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NPS Workshop Fosters Albanian Intel Transparency

Article By: Kenneth A. Stewart

Naval Postgraduate School (NPS) faculty from the Center for Civil-Military Relations (CCMR) recently led a four-day Intelligence and Democracy Workshop in Tirana, Albania attended by the Albanian Minister of Defense, the Chief of the Albanian Armed Forces, the U.S. Ambassador to Albania and both members of the Albanian Parliament and the heads of Albania’s Intelligence Services, April 28 – May 2.

The CCMR team was composed of the Dean of NPS’ School of International Graduate Studies (SIGS) James Wirtz, CCMR Deputy Director Scott Jasper, and CCMR Intelligence and Democracy Program Manager Cristiana Matei.

Wirtz, Jasper and Matei worked with the Office of Defense Cooperation at the U.S. Embassy in Tirana to develop a series of courses aimed at supporting Albania in its ongoing democratic transition. Matei applied her expertise in strategic intelligence, intelligence democratization, and strategic communications to the workshop.

Naval Postgraduate School (NPS) Center for Civil-Military Relations (CCMR) Intelligence and Democracy Program Manager Cristiana Matei is pictured in front of an Albanian flag, May 27. Matei worked with the Office of Defense Cooperation at the U.S. Embassy in Tirana to develop an intelligence and democracy workshop designed to support Albania in its ongoing transition toward democracy.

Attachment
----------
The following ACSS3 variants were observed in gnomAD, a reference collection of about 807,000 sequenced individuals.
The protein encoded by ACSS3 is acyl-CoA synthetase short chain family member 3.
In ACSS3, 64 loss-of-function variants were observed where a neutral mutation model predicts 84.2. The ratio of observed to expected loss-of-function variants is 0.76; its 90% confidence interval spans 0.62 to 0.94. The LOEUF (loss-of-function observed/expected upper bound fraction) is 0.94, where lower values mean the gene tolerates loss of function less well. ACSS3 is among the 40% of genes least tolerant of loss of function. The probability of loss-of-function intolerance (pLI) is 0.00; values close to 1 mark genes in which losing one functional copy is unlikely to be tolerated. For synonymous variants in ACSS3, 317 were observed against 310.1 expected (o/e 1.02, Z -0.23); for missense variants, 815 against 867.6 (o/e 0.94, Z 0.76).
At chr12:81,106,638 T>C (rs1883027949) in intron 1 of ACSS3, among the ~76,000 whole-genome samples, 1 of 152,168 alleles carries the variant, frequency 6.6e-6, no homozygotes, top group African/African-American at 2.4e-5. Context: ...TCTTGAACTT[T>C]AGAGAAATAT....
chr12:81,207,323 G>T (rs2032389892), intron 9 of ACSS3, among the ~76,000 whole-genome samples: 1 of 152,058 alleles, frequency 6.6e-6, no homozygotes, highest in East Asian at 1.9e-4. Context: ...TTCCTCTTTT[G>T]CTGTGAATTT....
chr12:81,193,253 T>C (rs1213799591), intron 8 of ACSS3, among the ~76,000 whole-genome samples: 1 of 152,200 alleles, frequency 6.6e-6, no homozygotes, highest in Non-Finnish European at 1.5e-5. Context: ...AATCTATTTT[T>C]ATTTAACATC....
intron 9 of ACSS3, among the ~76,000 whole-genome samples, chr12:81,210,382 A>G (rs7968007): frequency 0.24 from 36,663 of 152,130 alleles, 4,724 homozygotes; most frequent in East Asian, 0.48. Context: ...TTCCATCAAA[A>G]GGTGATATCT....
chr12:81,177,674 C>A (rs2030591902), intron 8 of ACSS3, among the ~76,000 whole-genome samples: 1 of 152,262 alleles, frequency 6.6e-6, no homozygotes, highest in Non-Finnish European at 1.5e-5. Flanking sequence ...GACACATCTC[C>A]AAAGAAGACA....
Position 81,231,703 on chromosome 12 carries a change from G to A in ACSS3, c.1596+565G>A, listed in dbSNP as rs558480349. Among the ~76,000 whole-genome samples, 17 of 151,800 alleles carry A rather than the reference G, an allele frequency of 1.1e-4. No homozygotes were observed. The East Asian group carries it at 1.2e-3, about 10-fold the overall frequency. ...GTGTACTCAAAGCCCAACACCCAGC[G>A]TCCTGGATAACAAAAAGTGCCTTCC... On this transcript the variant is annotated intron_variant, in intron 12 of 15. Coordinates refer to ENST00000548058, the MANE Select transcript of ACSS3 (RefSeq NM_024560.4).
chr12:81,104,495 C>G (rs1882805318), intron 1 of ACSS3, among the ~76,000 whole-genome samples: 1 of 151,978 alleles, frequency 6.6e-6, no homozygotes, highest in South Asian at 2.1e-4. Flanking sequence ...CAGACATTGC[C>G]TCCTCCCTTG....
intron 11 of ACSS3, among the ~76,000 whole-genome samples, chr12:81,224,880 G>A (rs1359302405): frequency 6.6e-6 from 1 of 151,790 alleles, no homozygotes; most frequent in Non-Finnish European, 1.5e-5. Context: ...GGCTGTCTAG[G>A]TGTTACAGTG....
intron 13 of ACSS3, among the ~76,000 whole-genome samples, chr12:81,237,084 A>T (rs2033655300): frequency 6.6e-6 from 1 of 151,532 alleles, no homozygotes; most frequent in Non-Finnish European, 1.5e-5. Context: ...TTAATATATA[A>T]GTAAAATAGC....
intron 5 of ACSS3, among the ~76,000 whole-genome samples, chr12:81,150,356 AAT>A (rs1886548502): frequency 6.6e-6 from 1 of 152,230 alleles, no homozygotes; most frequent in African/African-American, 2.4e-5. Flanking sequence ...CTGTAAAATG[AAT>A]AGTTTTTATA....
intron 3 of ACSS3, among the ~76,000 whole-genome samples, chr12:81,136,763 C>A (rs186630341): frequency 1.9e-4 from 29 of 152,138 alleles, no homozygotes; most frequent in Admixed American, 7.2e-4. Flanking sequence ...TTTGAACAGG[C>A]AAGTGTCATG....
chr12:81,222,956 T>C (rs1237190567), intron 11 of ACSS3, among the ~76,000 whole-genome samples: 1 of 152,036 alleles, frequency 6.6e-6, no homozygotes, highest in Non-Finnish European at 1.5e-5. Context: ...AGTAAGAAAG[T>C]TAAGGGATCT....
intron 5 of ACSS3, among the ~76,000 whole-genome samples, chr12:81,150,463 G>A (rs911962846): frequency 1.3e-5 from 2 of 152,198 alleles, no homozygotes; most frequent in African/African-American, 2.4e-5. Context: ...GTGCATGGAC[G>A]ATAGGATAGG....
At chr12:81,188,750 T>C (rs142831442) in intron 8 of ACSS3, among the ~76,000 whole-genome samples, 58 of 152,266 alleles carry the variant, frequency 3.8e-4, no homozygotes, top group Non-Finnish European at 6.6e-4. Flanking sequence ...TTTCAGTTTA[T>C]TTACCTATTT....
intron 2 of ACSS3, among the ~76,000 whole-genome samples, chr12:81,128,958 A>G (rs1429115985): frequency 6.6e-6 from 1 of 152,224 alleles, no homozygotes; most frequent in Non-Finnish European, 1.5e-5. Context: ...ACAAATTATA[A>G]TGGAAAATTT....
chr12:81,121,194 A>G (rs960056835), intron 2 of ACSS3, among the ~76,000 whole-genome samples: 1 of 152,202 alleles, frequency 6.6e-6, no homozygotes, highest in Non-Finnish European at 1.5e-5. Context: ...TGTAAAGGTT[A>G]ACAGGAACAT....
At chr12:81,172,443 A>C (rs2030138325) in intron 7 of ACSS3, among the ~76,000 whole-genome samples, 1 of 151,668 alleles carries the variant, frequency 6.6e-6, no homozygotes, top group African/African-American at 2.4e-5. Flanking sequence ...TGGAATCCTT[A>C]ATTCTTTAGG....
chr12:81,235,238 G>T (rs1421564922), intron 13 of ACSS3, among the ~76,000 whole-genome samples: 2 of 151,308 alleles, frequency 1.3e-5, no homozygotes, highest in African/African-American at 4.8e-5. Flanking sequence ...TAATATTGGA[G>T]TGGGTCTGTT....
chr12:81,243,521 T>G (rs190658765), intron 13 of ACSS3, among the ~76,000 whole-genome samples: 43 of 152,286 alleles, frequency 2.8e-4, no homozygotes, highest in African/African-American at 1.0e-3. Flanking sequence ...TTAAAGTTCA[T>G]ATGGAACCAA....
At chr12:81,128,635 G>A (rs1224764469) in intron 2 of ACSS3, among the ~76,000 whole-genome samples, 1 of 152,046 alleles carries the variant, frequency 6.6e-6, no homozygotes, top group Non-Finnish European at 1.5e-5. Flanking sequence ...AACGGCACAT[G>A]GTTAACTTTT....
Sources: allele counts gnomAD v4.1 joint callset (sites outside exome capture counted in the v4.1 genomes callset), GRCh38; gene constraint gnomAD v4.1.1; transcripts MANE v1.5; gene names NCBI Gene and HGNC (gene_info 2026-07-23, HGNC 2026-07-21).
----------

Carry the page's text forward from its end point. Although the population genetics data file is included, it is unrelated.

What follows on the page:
“We sought to provide Albanian military and civilian leaders with an understanding of the opportunities and the challenges that come with developing an intelligence system that is transparent in a democratic society,” said Matei.

Matei and her colleagues at the CCMR were invited to Albania to hold the Intel and Democracy Workshop throughout the Naval Education and Training Security Assistance Field Activity (NETSAFA).

“Albanian parliamentarians requested meetings between us, themselves, the police and the military,” said Matei.

Jasper noted that the emerging filed of cybersecurity is one of the areas where Albanian officials are interested in drawing from U.S. lessons learned. They are looking at the various roles and responsibilities of their intelligence agencies and the government officials tasked with providing them with public oversight.

“As a new democracy and NATO member, Albanian intel agencies and military were interested in learning about the challenges associated with global security trends in general, and cyberspace in particular, that the U.S. and NATO are facing,” said Jasper.

According to Matei, the workshop represented an important milestone in Albania’s transition from an authoritarian past toward a more open and democratic future.

“This was the first-ever seminar in intelligence and democracy held in Albania. It brought together practitioners from civilian and military intelligence agencies, law enforcement professionals, representatives from the Inspector General’s office, Executive Branch officials and members of the parliament for the first time,” said Matei.